Top 12 Essential Oils For Skin

These top twelve essential oils support healthy skin and have been found in research to have anti-inflammatory, antimicrobial, or immune supportive properties. Indeed, pharmaceutical companies have isolated some of these constituents in order to manufacture drugs. Further study of each chemical constituent can guide you toward additional uses of the oil.

1. Lavender

Almost every essential oil discussion begins with lavender because its applications are so universal. It is soothing emotionally and physically. It does not burn irritated skin when applied topically, even if the skin is burned, chafed, or rashy. It can help to relax a pet that is frenzied due to chronic itching. It has been used internally, but make sure that it is pure and not perfume grade.

Methods of Application:

When applied “neat” (undiluted) to the skin, the smell and taste of lavender can deter licking. Pet owners love this feature, as they may not need to use an E-collar. Lavender on a pet has calming effects, and both the pet and owner can benefit from the aroma. Lavender not only penetrates the skin, but also the nasal passages and the blood brain barrier. Fur is a wick to the effectiveness, and can be diffused actively with a cold air diffuser or passively through the air when applied topically. You should never use heat with essential oils, it will damage the natural chemistry.

You can also dilute lavender with coconut oil, almond oil, avocado oil, or well-shaken water to disperse and cover a  larger body surface area. Another option is to add essential oils to your pet’s shampoo. This can be soothing and provide immediate relief. The skin is a huge surface area which allows for the transfer of chemical constituents into the body and toxins out of the body.

2. Frankincense

Frankincense is distilled from resin and includes several varieties such as Boswellia carteri or Boswellia sacra. It is high in alpha-pinene and limonene. This has been used for centuries to support healthy skin and immune systems.

3. Copaiba

Copaiba is sold as an essential oil, but is essentially a sap from a tree in an Amazonian culture where this is their anti-inflammatory medicine. It is very high in beta-caryophyllene.

4. Chamomile (Roman)

Chamomile is ideally steam distilled from its flowers/ Roman chamomile is very high in isobutyl angelate and isomyl methacrylate. These have anti-inflammatory, anti-parasitic and skin regenerative properties in addition to being calming.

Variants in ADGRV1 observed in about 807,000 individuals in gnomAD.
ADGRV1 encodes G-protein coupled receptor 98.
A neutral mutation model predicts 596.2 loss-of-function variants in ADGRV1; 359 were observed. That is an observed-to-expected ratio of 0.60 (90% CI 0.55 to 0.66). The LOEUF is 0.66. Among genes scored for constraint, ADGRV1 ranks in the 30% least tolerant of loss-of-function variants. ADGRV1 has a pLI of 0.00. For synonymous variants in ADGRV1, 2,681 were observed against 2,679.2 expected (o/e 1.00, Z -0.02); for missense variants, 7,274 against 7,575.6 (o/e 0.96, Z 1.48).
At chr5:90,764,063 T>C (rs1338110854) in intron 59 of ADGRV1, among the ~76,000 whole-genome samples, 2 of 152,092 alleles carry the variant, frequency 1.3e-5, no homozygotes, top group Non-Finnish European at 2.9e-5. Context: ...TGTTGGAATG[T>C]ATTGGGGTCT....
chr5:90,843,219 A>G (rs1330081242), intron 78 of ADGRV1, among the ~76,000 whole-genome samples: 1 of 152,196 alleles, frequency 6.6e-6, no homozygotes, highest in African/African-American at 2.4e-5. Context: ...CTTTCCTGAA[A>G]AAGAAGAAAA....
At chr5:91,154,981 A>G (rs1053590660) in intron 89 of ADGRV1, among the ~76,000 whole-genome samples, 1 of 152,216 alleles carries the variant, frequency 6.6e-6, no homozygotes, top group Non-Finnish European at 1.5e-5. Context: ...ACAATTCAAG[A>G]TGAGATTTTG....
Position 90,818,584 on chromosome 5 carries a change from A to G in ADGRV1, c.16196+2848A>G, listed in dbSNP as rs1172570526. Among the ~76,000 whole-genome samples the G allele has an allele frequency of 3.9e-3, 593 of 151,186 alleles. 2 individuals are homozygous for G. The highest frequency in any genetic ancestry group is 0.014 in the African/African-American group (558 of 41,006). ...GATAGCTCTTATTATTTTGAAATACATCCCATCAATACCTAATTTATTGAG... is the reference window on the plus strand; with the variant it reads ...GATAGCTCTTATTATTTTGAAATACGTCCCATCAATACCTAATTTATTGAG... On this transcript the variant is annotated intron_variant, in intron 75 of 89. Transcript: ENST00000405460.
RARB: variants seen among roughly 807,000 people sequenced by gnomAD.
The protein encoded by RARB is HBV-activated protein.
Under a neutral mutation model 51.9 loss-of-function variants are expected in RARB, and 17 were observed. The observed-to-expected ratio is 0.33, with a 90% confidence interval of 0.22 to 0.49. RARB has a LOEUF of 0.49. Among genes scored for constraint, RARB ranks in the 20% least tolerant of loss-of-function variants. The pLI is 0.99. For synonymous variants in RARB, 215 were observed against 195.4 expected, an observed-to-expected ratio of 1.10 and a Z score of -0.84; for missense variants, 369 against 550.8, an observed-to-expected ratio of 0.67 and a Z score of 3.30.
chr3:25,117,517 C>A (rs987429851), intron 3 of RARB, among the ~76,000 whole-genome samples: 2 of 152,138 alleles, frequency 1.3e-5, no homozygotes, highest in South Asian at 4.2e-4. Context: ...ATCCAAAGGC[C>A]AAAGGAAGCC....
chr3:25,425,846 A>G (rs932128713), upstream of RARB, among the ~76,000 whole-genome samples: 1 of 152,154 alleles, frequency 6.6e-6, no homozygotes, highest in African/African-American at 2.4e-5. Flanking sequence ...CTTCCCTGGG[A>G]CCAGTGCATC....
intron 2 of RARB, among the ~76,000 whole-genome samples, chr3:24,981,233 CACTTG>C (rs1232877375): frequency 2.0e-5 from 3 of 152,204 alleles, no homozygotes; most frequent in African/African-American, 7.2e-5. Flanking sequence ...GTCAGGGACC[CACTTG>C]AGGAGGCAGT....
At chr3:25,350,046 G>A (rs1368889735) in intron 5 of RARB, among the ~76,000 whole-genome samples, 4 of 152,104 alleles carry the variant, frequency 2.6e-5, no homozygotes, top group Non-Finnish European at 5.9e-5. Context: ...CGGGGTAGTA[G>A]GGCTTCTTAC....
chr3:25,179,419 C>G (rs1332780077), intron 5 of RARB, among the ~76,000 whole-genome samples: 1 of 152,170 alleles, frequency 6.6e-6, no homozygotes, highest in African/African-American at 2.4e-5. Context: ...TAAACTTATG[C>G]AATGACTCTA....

5. Citronella

Citronella is also steam distilled, but from its leaves. It is high in geraniol and limonene. Citronella is antibacterial, antifungal, anti-inflammatory, an insect repellent and a deodorant.

6. Tea Tree

Also called Melaleuca alternifolia, this oil is commonly used and commonly feared. It is very high in terpinene and terpinenol. It is antimicrobial, anti-inflammatory, antiparasitic, immunostimulant, analgesic, a neurotonic and protects against radiation. Fears may be unfounded and due to negative experiences with contaminated or poorly distilled product.

7-11. A Blend of Clove, Lemon, Cinnamon, Eucalyptus Radiata, and Rosemary

This popular combination contains oils which are antiseptic, anti-inflammatory, and can numb tissues on contact. Clove can be as high as 87% eugenol. Cinnamon is also high in eugenol, but approximately 50% trans-cinnamaldehyde. These natural chemicals make this a “hot” oil, which can burn skin, but at the same time be antimicrobial and increase blood flow. It’s best used diluted or with a blend.

Eucalyptus radiate, also distilled from leaves, is antiinfectious and anti-inflammatory. Rosemary is another antimicrobial agent, and both can help decrease hair loss. Avoid using if a pet is epileptic.

12. Neem

Neem oil is highly revered as a natural skin care product, but it is not an essential oil. It is a cold pressed vegetable oil which contains essential fatty acids (EFAs), triglycerides, vitamin E, calcium, steroids and some essential oil constituents. Neem oil penetrates deep into the skin to moisturize and heal.

Dosing:

The amount of water and number of drops of oil will depend on the species, size, and age of the pet, and the oil. It would be difficult to do a full body soak on a horse or a mastiff, but easier to soak a hoof or a paw. Horses respond well to essential oil, but we must be cognizant of a potential sensitivity to an oil when it comes to dogs and cats. One drop of oil can go a long way, and it’s best to see your pet responds first. Roughly, we suggest beginning with one drop per ten pounds into the soak water. Multiple oils can be combined.

If essential oils have peaked your interest, consider adding an essential oil treatment to your next grooming or bath appointment. Brookside Barkery has specially formulated essential oil blends for achy joints, nerves, or dry and itchy skin that can bring your pet relief.

Considerations for an Itchy Pet

Pets with environmental allergies tend to suffer in the spring and fall, but what about dogs and cats who seem itchy regardless of the season? In those cases, it’s likely there’s something in the pet’s diet that’s causing the miserable itching.

Pets with food allergies typically have symptoms such as itchy skin, skin and ear infections, and sometimes, vomiting and diarrhea. Unlike humans, who almost always have gastrointestinal (GI) symptoms with a food allergy, dogs and cats are much more likely to develop a skin problem first. Dr. Karen Becker provides some signs that your dog or cat’s allergies may be food related:

  • Your pet is less than 6 months old, or his allergies didn’t appear until he was over 6 years of age